Last dance for St. Augustine March for Life

Jan 20, 2023
Melbourne Central Catholic High School’s Students for Life stand on the grounds of the National Shrine of Our Lady of La Leche, just before the March for Life St. Augustine, Jan. 14, 2023. (COURTESY)

ST. AUGUSTINE | It was a chilly morning at 43 degrees, not counting the wind blowing off the Matanzas River. At the National Shrine of Our Lady of La Leche, the faithful participated in the celebration of Mass with St. Augustine Bishop Erik Pohlmeier.

“The coldness of this morning is to remind us of the cold and discomfort that surrounds most women approaching a decision to have an abortion,” he said.

His words invigorated the March for Life pilgrims. Jan. 14 marked the final March for Life St. Augustine, a force in the visible witness of pro-life believers to the community since 2007. As of 2024, all marches will be conducted in state capitols to encourage state legislators to pass life-saving protections for the unborn.

Welcoming more than 3,000 pro-life advocates — a big increase from the 700 who marched down St. George’s Street the first year – marchers walked with conviction waving banners and signs with the culture of life message, “We choose to love them both.” It refers to the frequent, unfounded criticism of pro-choice believers that mothers are left to fend for themselves after delivery. In fact, most pro-life clinics now offer baby clothes, food and parenting classes.

Ingrid Pedraza, a parishioner of Holy Cross in Orlando, can testify to that accompaniment. She keeps in touch with a grandmother who adopted her mentally ill daughter’s child after choosing life on the sidewalk in front of an abortion clinic. Mother, child and social worker were all abortion-minded.

“We saw a change in the grandmother. This is why it is so important to be present,” Pedraza said. That was 10 years ago. Since then, the grandmother adopted her daughter’s second child. Holy Cross parishioners all contributed to their needs. The Respect Life ministry sends cards and occasional birthdays gifts, and accompanies that grandmother who helped her daughter find courage to choose life.

“We are here to help. As Catholic Christians we believe in the soul and we want to save these souls. That is the goal,” Pedraza said. “The mission is so big. We’ve been put on this earth to leave a legacy and be that instrument God desires of us.”

While Pedraza took the ministry’s reigns from her daughter, Lydia Philip, St. Mary Magdalen Culture of Life chair, followed in her husband’s footsteps. The advocate often invited her to attend vigils and to pray. She admittedly felt uncomfortable praying in front of the nearby clinic, but she went anyway. It was a Saturday and she saw many cars.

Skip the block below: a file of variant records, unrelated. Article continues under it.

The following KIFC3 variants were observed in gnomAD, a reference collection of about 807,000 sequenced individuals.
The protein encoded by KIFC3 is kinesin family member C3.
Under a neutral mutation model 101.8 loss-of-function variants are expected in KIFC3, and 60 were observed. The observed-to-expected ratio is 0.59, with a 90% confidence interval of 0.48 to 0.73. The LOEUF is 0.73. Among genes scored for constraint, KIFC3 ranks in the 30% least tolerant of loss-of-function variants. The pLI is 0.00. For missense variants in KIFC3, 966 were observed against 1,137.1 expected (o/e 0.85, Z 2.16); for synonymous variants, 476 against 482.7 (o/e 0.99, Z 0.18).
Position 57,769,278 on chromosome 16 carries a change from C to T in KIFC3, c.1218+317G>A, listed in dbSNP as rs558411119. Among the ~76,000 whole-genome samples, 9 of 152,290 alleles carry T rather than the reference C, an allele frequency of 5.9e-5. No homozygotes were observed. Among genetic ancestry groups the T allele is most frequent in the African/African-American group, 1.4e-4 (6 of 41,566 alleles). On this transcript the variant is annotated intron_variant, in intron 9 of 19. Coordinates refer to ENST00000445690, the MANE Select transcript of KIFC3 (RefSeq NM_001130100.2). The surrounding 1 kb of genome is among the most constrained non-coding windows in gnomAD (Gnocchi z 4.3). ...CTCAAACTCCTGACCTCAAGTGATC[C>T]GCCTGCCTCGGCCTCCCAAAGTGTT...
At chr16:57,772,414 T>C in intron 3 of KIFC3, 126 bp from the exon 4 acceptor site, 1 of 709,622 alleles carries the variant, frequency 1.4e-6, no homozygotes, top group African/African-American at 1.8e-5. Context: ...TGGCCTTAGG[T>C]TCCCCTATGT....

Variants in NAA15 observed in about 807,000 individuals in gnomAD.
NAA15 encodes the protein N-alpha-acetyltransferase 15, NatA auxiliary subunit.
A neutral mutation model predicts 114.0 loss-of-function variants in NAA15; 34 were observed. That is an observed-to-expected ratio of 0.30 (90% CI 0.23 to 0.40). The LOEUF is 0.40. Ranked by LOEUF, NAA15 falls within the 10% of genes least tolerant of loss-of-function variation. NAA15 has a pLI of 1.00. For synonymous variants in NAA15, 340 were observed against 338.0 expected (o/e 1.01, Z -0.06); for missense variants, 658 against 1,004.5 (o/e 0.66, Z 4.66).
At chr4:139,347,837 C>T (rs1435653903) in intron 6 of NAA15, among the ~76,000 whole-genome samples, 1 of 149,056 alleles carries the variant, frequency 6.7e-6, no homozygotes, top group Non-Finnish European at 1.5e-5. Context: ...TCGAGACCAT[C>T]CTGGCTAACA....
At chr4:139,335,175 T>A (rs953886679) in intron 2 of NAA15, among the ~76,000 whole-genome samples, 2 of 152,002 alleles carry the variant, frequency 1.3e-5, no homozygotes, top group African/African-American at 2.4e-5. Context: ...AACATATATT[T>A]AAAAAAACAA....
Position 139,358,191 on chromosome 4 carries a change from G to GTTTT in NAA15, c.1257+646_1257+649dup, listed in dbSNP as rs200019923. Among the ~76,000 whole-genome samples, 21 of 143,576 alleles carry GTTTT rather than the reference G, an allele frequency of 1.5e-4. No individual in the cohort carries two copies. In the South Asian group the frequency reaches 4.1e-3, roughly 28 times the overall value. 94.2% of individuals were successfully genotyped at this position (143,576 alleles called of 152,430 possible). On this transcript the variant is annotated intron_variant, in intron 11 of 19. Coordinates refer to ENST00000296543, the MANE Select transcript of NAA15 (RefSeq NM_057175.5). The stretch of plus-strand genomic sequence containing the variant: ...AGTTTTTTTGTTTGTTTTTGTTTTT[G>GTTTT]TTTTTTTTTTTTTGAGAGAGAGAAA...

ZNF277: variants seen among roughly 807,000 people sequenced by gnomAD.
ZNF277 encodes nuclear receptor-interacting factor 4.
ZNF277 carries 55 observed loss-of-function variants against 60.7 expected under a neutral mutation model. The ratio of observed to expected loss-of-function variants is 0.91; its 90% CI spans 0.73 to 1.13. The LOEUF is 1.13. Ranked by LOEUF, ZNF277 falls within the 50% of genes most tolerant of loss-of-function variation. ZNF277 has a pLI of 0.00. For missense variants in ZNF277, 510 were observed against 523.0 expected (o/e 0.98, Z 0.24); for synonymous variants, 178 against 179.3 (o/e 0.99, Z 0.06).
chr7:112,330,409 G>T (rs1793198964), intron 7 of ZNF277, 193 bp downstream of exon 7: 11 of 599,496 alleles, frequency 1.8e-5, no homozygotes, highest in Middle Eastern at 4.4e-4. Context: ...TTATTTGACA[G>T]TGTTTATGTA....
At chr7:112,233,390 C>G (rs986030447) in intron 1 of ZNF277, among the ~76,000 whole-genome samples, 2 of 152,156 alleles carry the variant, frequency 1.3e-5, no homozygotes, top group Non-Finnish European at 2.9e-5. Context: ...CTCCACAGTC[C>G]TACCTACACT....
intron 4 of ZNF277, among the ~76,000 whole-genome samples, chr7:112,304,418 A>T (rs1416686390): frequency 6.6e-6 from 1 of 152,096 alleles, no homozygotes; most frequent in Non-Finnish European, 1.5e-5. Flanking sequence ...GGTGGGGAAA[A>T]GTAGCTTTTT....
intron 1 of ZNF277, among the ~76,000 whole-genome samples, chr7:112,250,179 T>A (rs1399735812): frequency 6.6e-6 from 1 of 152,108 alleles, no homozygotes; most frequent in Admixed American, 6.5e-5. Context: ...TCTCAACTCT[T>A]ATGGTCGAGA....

“It cemented there was work to be done,” she said.

Despite Philip’s desire to attend March for Life St. Augustine for years, she never could – until this year. She found the experience extremely uplifting.

“There is so much negativity in the world,” she said. “It was great to see young moms and families marching. I am so excited to witness all the young people in the pro-life movement now. They are the fuel to keep on going.”

Marching “shoulder to shoulder with (her) people” in the cold, she took stock of the significance of their presence. Bishop Pohlmeier’s words echoed in her mind. Speaking of the reversal of Roe v Wade, he noted there is still much work ahead.

“The law changed, but now it’s a matter of life and souls and changing hearts for life,” he said. “We have to allow the Word of God to penetrate, not to us, but through us.”

“It was very powerful,” Philip said. “It spoke to the heart.”

A bonus was meeting keynote speaker Melissa Coles, who shared her story of deciding against abortion while on the table. She chose adoption instead, another way of choosing “to love both of them”. After meeting her son 19 years later, the two are committed to the fight for life.

Philip, who received the Culture of Life award last October 2022 for all her teams’ efforts to promote life from the unborn to the elderly, doesn’t know if she will make it to Tallahassee next year and worries the distance may deter many. Yet she remains committed to the words of her pastor, Father Charlie Mitchell, “You can do many things on the surface, but if you go deep, that’s where you get the seed rooted.”

“That is how I see it,” she said. “We’ve gone deep. This year we’re having the Eucharistic Revival and after we will go to other things. It’s having the vision to spread it. We need to bring back a culture of love for the babies, the elderly, for so many people.”

By Glenda Meekins of the Florida Catholic staff, January 20, 2023